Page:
two light sections were attached, one following the other, for a period of about
three weeks, to the front-line troops. The two heavy sections were attached to
units for short periods according to the situation. Films taken in Africa were
silent - the dialogue being added later in Germany from records made on a
"Magnetophone" and synchronised. In Russia sound films are usually made on the
spot. The propaganda company in Africa did not broadcast, but recorded material
for programs and the records were forwarded to Berlin for distribution. For this
work there were Spanish, French, English, and Arabic-speaking officers on the
roster of the company.
c. Welfare Section
The section possesses a mobile motion picture truck, several mobile film
units on trucks, a band wagon, two loud-speaker trucks and a mobile library. A
general staff officer, of about lieutenant colonel's rank with the Panzer Army in
Africa directed the movements of this equipment, and those in charge of it
reported to him once a week. The films, shown by the unit, were those current in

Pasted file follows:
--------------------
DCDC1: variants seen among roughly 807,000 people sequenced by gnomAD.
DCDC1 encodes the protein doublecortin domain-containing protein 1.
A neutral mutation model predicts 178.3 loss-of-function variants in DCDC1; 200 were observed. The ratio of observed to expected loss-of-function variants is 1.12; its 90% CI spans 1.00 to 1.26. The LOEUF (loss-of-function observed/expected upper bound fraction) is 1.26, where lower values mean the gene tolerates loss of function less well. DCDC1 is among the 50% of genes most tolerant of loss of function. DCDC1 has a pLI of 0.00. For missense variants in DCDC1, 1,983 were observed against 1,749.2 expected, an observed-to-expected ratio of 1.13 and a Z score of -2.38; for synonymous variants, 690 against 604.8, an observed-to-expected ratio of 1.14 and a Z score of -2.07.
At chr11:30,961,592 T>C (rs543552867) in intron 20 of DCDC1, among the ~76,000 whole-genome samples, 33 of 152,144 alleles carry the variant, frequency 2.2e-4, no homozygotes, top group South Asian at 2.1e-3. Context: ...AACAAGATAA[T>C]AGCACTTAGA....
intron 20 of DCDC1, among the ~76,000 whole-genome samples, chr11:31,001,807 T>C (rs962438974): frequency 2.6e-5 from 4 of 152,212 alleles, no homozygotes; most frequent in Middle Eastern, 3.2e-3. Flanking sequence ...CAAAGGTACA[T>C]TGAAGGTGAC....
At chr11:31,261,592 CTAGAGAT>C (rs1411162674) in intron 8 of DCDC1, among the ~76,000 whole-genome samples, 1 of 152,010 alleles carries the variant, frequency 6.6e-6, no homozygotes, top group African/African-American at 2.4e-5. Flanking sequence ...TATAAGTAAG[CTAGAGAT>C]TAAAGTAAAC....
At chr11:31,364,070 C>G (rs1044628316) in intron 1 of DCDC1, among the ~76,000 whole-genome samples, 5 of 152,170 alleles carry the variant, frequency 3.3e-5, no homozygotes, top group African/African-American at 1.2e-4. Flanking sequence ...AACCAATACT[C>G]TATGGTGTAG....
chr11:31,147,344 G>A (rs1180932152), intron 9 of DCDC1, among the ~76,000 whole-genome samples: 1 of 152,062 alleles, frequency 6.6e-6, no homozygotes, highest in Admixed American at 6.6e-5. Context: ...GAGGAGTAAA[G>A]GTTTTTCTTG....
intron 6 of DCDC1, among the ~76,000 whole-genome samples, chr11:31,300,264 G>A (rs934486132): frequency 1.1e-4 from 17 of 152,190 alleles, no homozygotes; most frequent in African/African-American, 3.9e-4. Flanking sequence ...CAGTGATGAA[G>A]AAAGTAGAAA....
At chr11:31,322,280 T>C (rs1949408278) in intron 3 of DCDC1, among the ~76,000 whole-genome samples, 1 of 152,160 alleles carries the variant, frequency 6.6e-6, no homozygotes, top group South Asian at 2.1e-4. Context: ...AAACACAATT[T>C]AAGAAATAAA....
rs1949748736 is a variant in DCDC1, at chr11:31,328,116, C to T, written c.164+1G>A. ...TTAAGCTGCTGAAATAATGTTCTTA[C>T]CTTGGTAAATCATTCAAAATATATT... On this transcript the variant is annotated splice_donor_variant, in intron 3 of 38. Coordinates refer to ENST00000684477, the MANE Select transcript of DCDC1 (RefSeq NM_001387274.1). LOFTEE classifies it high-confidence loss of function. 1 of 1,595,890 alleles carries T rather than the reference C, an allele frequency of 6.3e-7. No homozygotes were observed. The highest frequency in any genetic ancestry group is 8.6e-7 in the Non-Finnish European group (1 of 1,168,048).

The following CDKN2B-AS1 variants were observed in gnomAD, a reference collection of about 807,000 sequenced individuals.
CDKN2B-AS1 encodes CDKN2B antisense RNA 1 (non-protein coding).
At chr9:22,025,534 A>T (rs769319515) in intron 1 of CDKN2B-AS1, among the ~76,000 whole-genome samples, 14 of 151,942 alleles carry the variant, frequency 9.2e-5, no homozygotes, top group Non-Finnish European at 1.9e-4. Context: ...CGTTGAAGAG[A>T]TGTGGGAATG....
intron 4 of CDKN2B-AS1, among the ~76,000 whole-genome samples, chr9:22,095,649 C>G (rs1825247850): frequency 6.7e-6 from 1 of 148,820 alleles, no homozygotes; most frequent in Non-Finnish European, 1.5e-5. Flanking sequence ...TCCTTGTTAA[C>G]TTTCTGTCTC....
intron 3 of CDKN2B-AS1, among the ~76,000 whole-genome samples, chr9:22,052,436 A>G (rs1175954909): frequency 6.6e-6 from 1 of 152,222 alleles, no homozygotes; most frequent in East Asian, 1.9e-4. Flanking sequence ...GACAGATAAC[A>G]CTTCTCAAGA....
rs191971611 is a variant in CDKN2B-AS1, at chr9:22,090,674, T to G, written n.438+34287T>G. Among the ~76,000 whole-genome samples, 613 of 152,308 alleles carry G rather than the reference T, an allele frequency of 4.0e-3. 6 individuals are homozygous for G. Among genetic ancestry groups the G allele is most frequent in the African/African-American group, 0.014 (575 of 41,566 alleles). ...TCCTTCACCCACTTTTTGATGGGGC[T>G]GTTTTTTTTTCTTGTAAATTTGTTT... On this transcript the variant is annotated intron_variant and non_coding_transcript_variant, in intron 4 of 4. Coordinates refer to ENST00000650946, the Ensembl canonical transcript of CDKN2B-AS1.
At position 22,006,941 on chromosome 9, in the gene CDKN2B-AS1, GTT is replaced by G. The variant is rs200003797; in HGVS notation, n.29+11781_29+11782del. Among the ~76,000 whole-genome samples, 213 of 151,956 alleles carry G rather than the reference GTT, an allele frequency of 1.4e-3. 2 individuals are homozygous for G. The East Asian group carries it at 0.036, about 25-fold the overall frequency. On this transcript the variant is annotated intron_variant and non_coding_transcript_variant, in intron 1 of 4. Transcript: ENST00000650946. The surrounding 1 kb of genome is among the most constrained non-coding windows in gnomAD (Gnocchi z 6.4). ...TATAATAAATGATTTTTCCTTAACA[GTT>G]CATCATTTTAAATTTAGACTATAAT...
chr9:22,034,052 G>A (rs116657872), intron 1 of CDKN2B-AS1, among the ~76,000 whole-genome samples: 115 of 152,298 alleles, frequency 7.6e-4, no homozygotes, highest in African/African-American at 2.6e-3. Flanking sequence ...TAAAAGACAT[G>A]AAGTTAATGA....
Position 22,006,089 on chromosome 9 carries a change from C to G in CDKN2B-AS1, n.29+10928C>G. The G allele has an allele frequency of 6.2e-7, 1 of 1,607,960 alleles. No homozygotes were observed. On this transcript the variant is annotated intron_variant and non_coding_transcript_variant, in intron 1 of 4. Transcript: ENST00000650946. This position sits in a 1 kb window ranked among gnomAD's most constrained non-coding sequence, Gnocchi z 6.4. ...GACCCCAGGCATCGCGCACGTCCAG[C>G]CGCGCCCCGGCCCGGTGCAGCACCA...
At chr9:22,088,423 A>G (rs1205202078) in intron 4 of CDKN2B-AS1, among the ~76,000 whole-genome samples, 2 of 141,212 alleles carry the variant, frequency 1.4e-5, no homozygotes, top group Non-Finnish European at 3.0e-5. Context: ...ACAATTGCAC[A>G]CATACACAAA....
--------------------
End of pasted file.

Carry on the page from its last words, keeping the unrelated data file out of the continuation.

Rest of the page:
Germany and no special propaganda films were shown. The mobile truck gave its
shows in the open air using forward projection, with the audience between the
screen and the truck. Antiaircraft protection was always provided. Sometimes
movies were given in tents.
Periodicals for the troops are produced in the various theaters of war.
In Africa the periodical was entitled "Die Oase" (The Oasis) and was produced
by a lieutenant with one enlisted helper. The number of copies was limited and
a standing order existed that it must not be sent out of Africa.
As regards transport, the propaganda company in Africa had the following,
which is probably a typical allotment.
Two small cars (Volkswagen) - one for the company commander
One large car
One mobile movie truck
Four mobile movie outfits on trucks
One ration truck
One office truck
One field kitchen
One clothing truck and armory
The propaganda company in Africa used the regular courier aircraft for
forwarding its material to Berlin, though propaganda companies in Russia are
known to have aircraft of their own.